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War memories on the river
The gray ship no longer carries tanks or troops. But the 60-year-old vessel still has its share of World War II memories of combat on the beaches of Normandy and the invasion of Sicily.
On Friday, the ship LST-325 docked in Cape Girardeau before a crowd of onlookers that included many veterans who served on similar ships during the war.
The partially refurbished ship's docking brought together two sailors who hadn't seen each other in 57 years. Gene Cox, 78, of Quincy, Ill., and Jack Jackson, 79, of Humboldt, Tenn., had talked on the phone, but they hadn't seen each other since they served together on board a similar LST, short for Landing Ship Tanks, in the South Pacific during World War II.
Jackson and Cox eyed the floating war relic and its turreted anti-aircraft guns with pride as it tied up at Cape Girardeau Riverfront Park.
"It's a wonderful thing. It brings back memories to so many people," said Jackson, who planned to tour the ship today.
The vessel will be open for public tours from 9 a.m. to 4 p.m. today through Tuesday, before it continues on to St. Louis.
An awards ceremony honoring three World War II veterans will be held Sunday at 2 p.m. aboard the ship. Veterans Edward Grebing, Al Hoskins and the late Bill Cayse, all of Cape Girardeau, will be recognized. Grebing, Hoskins and Cayse's widow, Virginia, will be on hand to receive the service medals under a program created by the state of Missouri to honor World War II veterans.
LST ships hauled tanks and troops to the beach-front war zones in Europe and the South Pacific.
Cox and Jackson said such ships helped win the war.
But they also were inviting targets for enemy aircraft. Jackson said sailors had their own name for LSTs. "Everybody called it a large slow target," he said.
The LST that docked in Cape Girardeau is traveling up and down the Mississippi and Ohio rivers from June to August as a floating museum, including the four-day stop in Cape Girardeau.
The trip began June 3 in Mobile Ala., and is expected to wind up there on Aug. 19.
The LST-325 is one of more than 1,000 such ships built for beach landings during World War II. The flat-bottomed, 326-foot-long ship with its mammoth bow door was designed to land quickly on beaches, where it would unload its cargo of soldiers, jeeps and tanks.
Such vessels with their thin metal sides weren't designed to last, according to James Edwards of Canton, Texas, a 77-year-old Navy veteran who serves as executive officer on the LST-325.
"It was meant for two landings and then was to be junked," he said.
But such ships not only lasted through the war, they were used in the Korean and Vietnam wars.
The LST-325, commissioned in 1943, is the last such ship of its kind operating in the United States, he said.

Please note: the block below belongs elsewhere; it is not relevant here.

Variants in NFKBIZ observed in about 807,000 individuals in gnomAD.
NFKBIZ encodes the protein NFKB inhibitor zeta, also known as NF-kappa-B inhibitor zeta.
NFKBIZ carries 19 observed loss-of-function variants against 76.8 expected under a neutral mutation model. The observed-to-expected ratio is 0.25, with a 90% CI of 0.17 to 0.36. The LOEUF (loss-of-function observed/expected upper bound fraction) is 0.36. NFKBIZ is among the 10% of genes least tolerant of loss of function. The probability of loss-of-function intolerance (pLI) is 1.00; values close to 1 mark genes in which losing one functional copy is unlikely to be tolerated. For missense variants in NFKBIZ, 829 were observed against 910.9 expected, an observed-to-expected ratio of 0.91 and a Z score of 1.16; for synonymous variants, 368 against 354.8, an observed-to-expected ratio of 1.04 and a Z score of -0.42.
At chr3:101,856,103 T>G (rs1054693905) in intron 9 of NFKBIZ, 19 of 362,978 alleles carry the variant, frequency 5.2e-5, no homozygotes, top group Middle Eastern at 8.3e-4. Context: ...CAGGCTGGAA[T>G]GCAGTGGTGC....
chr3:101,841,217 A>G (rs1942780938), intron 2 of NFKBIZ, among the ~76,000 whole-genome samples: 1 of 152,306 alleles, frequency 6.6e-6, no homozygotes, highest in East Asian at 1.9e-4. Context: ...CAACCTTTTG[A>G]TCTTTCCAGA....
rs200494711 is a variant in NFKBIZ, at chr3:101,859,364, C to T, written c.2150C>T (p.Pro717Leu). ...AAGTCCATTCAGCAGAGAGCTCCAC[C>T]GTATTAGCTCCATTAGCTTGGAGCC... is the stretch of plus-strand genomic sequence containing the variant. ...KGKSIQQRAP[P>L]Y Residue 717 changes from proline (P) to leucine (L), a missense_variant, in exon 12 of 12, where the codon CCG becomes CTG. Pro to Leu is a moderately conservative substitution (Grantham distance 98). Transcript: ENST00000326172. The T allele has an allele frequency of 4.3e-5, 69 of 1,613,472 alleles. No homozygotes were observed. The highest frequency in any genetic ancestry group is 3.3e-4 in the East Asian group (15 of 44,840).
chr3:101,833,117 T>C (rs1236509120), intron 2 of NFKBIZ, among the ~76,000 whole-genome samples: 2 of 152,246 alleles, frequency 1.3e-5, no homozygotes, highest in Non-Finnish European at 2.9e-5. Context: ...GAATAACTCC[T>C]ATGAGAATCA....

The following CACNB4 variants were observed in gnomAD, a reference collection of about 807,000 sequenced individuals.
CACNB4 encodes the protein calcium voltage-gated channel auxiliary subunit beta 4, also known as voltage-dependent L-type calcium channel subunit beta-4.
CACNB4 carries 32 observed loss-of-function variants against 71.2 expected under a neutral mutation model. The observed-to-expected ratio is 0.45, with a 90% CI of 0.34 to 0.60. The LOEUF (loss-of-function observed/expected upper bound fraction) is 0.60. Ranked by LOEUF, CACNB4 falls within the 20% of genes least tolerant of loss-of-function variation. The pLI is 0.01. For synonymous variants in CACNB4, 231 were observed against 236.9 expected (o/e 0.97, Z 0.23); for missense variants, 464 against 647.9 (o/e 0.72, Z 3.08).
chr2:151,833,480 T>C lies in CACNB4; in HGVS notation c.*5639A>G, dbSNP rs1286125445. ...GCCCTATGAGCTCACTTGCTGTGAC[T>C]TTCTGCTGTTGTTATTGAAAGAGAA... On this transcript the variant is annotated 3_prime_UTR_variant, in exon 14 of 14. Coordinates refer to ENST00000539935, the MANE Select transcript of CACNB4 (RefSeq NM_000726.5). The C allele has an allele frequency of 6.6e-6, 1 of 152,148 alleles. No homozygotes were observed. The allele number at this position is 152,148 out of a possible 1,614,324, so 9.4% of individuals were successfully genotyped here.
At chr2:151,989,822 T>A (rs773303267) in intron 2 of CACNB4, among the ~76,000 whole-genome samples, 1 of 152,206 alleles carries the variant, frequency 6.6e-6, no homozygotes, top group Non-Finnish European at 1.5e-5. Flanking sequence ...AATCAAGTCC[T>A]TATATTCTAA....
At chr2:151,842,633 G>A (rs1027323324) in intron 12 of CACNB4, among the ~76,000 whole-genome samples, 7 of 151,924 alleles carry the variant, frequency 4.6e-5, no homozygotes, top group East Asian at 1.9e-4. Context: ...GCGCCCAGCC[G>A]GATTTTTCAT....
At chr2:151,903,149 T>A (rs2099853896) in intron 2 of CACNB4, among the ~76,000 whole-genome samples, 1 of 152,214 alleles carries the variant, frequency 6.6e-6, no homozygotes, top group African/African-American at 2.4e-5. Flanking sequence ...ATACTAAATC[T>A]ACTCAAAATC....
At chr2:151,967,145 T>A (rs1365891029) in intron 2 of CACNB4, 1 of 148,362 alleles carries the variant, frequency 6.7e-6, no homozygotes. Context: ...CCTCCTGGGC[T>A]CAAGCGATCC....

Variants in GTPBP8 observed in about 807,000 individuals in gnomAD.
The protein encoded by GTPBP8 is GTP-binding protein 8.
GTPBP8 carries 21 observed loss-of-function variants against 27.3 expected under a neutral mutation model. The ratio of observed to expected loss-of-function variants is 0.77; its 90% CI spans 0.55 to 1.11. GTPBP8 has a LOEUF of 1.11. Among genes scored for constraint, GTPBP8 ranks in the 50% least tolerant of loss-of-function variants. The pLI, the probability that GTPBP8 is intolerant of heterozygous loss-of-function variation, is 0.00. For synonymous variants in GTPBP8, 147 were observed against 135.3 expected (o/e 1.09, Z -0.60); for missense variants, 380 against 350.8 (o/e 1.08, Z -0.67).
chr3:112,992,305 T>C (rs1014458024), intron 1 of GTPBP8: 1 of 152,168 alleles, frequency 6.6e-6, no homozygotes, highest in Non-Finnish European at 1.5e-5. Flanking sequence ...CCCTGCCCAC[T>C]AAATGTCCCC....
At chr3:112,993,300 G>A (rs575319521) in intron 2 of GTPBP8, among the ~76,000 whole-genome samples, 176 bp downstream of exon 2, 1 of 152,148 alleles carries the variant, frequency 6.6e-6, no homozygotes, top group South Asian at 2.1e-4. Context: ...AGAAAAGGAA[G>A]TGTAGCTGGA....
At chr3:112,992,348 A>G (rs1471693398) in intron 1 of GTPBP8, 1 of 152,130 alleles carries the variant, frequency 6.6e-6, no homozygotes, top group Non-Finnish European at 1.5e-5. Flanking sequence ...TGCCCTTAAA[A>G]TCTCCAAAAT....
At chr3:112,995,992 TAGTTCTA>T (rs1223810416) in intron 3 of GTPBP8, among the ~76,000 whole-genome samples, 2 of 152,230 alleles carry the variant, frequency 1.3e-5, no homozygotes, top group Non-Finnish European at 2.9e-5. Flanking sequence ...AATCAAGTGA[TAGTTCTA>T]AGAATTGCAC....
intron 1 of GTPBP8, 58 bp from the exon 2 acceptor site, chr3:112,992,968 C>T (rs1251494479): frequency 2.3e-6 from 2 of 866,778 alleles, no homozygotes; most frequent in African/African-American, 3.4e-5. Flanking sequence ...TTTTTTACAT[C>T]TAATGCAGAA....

Given to Greece
The U.S. government gave the ship to Greece in 1964. The Greek navy used it for about 35 years before it was decommissioned and fell into disrepair.
In 2000, it was turned over to a group of American veterans who wanted to restore it, including Edwards, who himself had served on LSTs.
Edwards and other volunteers have continued to work on restoring the ship after sailing it back from Crete over the objections of the Coast Guard, which felt the ship wasn't up to the journey.
The 6,000-mile trip took 47 days, Edwards said.
The success of the journey, however, didn't change the minds of Coast Guard officials, who still worry about the ship's fitness for travel. The ship is being pushed up and down the river by towboats at the insistence of the Coast Guard, crew members said.
But Capt. Bob Jornlin, an ex-Navy man who served during the Vietnam War aboard two LSTs, said the ship could have made the trip upstream without any help.
In World War II, LSTs operated with crews of over 100 men and carried hundreds more soldiers and tons of military equipment. In its bowels, it could hold 20 large tanks.
There are 33 men in the current crew, many of them veterans like Jornlin and Edwards who have been working on restoring the ship at a pier in Chickasaw, Ala., upstream from Mobile.
"We are trying to raise money to keep this ship running," Jornlin said. The group needs about $500,000 to replace the bottom of the ship, which has been worn down by years of resting in salt water. Other needed improvements are to the steering system and interior piping.
Amid the vintage World War II equipment in the ship's cabins, this crew makes use of more modern conveniences such as computers and synchronized digital clocks.
But the ship, which still shows its age with tell-tale rust and peeling paint in places, isn't a cruise ship.
Edwards said it can be rough ride in heavy seas.
"It's kind of like riding a bull."
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